The Business Software Alliance (BSA) claimed that global software piracy rose by 43 percent last year, amounting to what it claimed is a loss of $51 billion to the software companies.
The BSA said that the rise in pirated software from the year before was largely down to more PC sales in emerging markets. It claimed that the 43 percent piracy rate meant that for every $100 of legit software sold in 2009, $75 worth of unlicensed software came into the market.
The United States was the goodie two shoes in the world of piracy, with only 20 percent piracy. But the BSA claimed that amounted to $8.4 billion of lost sales last year.
China saw a large increase in the commercial value of pirated software and grew $900 million from 2008 to represent $7.6 billion of lost software sales.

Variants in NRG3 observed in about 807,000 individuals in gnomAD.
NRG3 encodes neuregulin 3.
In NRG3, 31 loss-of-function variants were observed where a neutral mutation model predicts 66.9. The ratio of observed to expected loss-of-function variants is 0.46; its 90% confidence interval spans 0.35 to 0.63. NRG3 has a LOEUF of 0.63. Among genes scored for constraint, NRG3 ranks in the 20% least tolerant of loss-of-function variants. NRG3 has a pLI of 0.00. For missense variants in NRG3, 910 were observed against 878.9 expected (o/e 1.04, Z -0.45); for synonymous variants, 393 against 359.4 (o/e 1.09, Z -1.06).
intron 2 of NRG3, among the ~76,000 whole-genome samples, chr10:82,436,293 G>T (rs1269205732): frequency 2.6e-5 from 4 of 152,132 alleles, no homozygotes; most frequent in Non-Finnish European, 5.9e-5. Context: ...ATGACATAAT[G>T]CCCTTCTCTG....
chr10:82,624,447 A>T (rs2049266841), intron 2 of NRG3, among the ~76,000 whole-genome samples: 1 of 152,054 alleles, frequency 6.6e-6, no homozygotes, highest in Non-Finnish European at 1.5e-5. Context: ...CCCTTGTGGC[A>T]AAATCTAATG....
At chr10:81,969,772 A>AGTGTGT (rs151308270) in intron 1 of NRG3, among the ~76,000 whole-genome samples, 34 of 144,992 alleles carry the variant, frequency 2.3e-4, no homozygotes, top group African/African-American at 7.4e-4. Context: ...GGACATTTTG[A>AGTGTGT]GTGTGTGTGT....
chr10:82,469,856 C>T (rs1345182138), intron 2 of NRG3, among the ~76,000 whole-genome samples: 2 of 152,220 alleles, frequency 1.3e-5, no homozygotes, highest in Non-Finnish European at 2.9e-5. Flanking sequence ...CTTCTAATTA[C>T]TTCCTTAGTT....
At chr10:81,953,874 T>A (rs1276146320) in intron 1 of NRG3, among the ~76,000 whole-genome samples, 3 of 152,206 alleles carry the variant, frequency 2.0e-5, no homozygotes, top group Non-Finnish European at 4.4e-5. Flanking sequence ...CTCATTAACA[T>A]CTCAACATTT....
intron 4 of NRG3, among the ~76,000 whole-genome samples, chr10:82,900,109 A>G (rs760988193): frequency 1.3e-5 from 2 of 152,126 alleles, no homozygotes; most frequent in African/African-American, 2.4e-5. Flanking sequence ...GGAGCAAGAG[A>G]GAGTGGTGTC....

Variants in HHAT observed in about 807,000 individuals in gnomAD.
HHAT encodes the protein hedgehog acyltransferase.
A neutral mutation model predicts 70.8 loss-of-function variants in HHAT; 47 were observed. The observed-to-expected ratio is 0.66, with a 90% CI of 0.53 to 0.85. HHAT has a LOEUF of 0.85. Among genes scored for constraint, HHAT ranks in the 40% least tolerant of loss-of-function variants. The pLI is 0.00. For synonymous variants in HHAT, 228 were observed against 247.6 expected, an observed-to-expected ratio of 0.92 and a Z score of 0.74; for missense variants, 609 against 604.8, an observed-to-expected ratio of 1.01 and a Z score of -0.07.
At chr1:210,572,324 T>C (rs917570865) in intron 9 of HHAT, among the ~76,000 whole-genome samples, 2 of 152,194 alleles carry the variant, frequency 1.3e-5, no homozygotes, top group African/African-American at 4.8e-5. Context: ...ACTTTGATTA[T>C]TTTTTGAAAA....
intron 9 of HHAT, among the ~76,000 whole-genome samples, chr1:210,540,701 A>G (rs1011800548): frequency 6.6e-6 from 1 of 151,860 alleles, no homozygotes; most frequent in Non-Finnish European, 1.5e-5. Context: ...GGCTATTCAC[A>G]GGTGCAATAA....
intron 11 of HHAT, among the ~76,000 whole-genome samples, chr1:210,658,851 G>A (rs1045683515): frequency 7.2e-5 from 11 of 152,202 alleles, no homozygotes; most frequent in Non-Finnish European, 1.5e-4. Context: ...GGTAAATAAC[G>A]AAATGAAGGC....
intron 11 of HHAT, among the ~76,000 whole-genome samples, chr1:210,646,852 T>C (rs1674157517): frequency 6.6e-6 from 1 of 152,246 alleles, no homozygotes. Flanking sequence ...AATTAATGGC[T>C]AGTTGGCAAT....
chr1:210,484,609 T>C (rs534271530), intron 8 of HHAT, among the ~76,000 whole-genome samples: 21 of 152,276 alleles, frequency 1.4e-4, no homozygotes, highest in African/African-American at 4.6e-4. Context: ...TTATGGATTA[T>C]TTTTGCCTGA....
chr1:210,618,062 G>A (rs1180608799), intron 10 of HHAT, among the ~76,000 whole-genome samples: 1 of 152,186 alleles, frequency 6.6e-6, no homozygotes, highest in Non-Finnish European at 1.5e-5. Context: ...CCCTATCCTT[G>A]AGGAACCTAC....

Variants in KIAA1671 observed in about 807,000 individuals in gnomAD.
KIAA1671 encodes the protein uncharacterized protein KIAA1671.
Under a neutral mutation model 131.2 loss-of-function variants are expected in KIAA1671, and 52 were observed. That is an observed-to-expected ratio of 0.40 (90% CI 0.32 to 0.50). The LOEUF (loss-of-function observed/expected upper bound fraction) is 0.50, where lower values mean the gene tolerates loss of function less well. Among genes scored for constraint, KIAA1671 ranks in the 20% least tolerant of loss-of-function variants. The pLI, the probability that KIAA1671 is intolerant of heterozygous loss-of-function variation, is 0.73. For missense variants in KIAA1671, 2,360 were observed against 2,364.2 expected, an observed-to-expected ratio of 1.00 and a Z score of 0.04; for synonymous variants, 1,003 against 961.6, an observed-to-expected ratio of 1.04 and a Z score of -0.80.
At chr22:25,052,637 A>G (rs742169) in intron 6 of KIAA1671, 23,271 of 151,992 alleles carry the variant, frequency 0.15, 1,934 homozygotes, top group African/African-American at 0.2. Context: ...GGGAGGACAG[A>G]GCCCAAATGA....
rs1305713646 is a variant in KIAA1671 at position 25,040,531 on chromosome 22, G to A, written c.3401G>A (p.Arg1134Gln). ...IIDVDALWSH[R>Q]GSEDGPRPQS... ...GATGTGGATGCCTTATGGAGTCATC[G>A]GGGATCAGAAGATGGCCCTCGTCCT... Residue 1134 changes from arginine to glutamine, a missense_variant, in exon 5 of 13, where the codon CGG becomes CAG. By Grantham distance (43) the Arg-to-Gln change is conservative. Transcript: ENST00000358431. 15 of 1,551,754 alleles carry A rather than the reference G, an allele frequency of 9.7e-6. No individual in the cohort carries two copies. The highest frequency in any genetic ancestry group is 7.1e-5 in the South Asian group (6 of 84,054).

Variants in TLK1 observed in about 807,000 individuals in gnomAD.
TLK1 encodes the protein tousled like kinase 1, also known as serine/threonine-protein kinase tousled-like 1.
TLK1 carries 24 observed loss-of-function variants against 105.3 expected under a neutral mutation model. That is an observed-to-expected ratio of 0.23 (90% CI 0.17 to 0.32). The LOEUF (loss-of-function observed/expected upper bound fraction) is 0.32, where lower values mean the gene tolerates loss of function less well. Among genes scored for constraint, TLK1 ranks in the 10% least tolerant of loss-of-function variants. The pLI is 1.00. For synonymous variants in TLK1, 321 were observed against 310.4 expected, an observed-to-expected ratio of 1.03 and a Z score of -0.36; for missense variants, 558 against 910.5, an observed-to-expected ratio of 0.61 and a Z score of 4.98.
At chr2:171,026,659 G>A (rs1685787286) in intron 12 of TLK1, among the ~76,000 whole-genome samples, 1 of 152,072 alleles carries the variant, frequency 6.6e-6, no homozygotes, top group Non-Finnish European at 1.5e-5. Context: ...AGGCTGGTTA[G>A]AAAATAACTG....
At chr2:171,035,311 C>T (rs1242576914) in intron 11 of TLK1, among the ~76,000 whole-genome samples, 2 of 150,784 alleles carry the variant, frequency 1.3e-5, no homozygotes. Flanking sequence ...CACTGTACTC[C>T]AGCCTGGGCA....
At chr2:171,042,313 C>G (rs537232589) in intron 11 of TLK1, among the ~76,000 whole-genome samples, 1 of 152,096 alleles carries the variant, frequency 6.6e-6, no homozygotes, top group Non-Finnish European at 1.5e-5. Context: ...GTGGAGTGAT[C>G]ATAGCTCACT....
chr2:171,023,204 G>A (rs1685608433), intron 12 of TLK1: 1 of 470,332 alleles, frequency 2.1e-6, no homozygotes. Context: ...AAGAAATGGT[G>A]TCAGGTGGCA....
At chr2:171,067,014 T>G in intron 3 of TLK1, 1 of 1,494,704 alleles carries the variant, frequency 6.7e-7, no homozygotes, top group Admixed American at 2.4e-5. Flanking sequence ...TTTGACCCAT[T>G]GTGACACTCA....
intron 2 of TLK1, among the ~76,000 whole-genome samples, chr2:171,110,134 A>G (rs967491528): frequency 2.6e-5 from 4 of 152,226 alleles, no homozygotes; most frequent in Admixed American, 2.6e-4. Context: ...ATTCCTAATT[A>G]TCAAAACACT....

India, Chile and Canada, said the BSA, saw the greatest improvement in reducing software theft, with each of them seeing a three percent decline in piracy rates in 2009. The UK has the sixth lowest piracy rate globally.
The BSA called on governments to help stamp out software theft.
Members include Adobe, Altium, Apple, Autodesk, AVEVA, AVG, Bentley Systems, CA, Cadence, Cisco Systems, CNC/Mastercam, Corel, Dassault Systemes SolidWorks Corporation, Dell, HP, IBM, Intel, Intuit, Kaspersky Lab, McAfee, Microsoft, Minitab, PTC, Progress Software, Quark, Quest Software, Rosetta Stone, Siemens, Sybase, Symantec, Synopsys, and MathWorks.